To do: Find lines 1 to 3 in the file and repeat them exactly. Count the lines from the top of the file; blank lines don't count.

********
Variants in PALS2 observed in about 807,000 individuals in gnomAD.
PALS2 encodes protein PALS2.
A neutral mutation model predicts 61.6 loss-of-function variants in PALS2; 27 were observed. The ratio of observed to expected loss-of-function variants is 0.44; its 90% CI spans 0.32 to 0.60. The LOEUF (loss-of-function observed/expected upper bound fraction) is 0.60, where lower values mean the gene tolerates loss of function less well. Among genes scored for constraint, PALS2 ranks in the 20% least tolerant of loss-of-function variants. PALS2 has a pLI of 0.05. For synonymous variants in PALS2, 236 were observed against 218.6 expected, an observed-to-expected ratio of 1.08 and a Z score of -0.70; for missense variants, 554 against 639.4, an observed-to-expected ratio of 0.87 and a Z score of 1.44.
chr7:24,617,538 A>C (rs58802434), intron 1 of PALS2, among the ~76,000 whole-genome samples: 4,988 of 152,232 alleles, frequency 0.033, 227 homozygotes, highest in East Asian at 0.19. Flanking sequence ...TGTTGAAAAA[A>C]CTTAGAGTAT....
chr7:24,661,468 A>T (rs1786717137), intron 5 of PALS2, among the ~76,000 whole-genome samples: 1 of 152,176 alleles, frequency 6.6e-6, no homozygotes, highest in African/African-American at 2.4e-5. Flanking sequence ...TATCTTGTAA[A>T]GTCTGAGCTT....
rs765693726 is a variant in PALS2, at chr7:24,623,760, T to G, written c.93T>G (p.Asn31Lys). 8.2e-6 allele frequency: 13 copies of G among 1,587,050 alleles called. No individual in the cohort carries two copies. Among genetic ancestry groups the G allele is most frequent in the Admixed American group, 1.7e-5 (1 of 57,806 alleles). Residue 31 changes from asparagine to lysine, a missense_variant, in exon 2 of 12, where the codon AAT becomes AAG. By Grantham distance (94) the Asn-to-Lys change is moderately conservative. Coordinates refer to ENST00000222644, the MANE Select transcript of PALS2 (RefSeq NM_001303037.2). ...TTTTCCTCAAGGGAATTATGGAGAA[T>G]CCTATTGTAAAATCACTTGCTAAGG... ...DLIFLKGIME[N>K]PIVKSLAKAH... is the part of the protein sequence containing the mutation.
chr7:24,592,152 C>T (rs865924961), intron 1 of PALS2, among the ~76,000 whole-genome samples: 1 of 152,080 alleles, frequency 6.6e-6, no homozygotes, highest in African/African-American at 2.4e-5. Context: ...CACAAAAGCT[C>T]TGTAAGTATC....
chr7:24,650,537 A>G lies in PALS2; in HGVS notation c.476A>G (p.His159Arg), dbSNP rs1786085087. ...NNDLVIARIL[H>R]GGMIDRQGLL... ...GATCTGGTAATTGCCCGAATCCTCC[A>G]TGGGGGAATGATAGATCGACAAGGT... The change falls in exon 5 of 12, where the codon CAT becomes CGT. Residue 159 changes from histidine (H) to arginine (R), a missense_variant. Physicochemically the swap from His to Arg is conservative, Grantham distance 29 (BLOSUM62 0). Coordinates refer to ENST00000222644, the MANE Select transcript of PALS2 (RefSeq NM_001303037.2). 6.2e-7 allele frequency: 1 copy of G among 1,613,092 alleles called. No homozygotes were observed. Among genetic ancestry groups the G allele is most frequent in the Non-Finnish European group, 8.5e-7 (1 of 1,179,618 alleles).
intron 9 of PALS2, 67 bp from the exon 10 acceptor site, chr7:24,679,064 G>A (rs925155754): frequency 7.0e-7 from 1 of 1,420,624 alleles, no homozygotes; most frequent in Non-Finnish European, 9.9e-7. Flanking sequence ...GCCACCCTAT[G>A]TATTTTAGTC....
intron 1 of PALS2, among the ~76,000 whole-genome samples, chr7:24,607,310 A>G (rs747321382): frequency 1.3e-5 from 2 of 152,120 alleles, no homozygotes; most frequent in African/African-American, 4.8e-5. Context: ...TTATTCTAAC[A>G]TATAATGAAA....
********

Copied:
Variants in PALS2 observed in about 807,000 individuals in gnomAD.
PALS2 encodes protein PALS2.
A neutral mutation model predicts 61.6 loss-of-function variants in PALS2; 27 were observed. The ratio of observed to expected loss-of-function variants is 0.44; its 90% CI spans 0.32 to 0.60. The LOEUF (loss-of-function observed/expected upper bound fraction) is 0.60, where lower values mean the gene tolerates loss of function less well. Among genes scored for constraint, PALS2 ranks in the 20% least tolerant of loss-of-function variants. PALS2 has a pLI of 0.05. For synonymous variants in PALS2, 236 were observed against 218.6 expected, an observed-to-expected ratio of 1.08 and a Z score of -0.70; for missense variants, 554 against 639.4, an observed-to-expected ratio of 0.87 and a Z score of 1.44.